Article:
On the Waterfront
What parents need to know
Parents Need to Know
Parents need to know that this movie raises some important issues about the nature of power.
What's the story?
ON THE WATERFRONT is the story of the men who had the courage to stand up to the corrupt longshoreman's union, which is controlled by Johnny (Lee J. Cobb). One of Johnny's top aides is Charley (Rod Steiger), whose brother Terry (Marlon Brando), a former prize-fighter, is treated almost like a mascot by Johnny -- he makes sure that Terry gets the best work assignments. After Terry unwittingly contributes to the death of a man named Joey, who dared to speak out about union corruption, Joey's sister Edie (Eva Marie Saint) goes to local priest Father Barry (Karl Malden) for help. Father Barry sets up a meeting to talk about what's going on, but everyone is too scared to speak up. Finally a man named Dugan (Pat Henning) agrees to talk, but tragedy strikes again. Meanwhile, Terry and Edie fall in love -- but Terry's troubles are just beginning.
Is it any good?
On the Waterfront contrasts two conflicting ways of looking at the world and especially at responsibility. Edie and Father Berry see a world in which people have an obligation to protect and support each other. Johnny sees the world as a place where what matters is taking as much as you can. Terry is somewhere in the middle, with his kindness to the Golden Warriors and his pigeons on one side and his willingness to take what Johnny's way of life has to offer on the other. In part, Terry falls in love not just with Edie, but with the vision of another life that Edie represents. Like Edie, Terry is inspired to fight back by a tragic death.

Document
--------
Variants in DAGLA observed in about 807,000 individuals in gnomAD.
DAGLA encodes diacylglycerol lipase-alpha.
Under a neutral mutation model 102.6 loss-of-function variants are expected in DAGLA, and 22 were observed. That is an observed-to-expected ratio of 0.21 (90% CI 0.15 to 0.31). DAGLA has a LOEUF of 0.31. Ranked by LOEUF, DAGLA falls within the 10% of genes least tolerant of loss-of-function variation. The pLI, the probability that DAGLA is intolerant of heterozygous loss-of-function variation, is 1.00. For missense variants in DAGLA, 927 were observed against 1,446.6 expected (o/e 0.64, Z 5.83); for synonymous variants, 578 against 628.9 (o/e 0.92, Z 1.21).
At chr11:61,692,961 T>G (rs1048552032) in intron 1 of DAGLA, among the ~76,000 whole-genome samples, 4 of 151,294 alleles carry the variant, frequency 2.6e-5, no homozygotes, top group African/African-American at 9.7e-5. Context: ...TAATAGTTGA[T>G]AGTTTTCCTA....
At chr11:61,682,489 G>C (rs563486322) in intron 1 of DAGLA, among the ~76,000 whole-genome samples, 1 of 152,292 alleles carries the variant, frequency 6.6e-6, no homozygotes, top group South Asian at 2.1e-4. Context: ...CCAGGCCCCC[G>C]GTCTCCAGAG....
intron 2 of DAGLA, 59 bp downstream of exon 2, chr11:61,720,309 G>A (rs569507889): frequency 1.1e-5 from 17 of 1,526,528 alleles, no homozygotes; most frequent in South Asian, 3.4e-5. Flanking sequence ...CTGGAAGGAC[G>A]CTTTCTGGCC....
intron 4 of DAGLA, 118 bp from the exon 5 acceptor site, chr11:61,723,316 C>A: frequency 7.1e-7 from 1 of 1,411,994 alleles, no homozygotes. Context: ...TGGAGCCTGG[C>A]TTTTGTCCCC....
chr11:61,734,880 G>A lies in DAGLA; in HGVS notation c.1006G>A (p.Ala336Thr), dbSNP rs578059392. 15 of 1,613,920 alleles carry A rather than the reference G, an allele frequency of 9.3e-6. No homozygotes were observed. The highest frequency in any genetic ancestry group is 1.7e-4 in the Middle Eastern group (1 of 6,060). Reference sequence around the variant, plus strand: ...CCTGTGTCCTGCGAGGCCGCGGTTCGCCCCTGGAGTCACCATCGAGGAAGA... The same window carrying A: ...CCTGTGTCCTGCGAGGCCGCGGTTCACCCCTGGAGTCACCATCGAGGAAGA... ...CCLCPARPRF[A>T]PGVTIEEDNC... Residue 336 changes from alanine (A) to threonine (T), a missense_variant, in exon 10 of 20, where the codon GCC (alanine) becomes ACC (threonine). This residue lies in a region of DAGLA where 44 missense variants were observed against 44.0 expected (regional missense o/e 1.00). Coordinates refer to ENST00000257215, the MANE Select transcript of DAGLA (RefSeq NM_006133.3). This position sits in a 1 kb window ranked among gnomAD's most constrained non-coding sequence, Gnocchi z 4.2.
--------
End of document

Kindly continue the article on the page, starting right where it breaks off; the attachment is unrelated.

This movie also raises some important issues about the nature of power. At the beginning, Johnny seems very powerful, and power matters more to him than money. But it is clear that the choices he makes to protect that power, more than any action taken by anyone else, are the beginning of the end. As he orders people killed, even close associates, he begins to appear desperate. The men who will kick back a few dollars and stay "D&D" about corruption won't stand for that level of violence and uncertainty.
Families can talk about...
Families can talk about how Joey's jacket is worn by three different characters. What do you think that means? What do you think of Edie's ideas about what makes people "mean and difficult?" Do you think that applies to Johnny? How does Johnny get power? How does he lose it?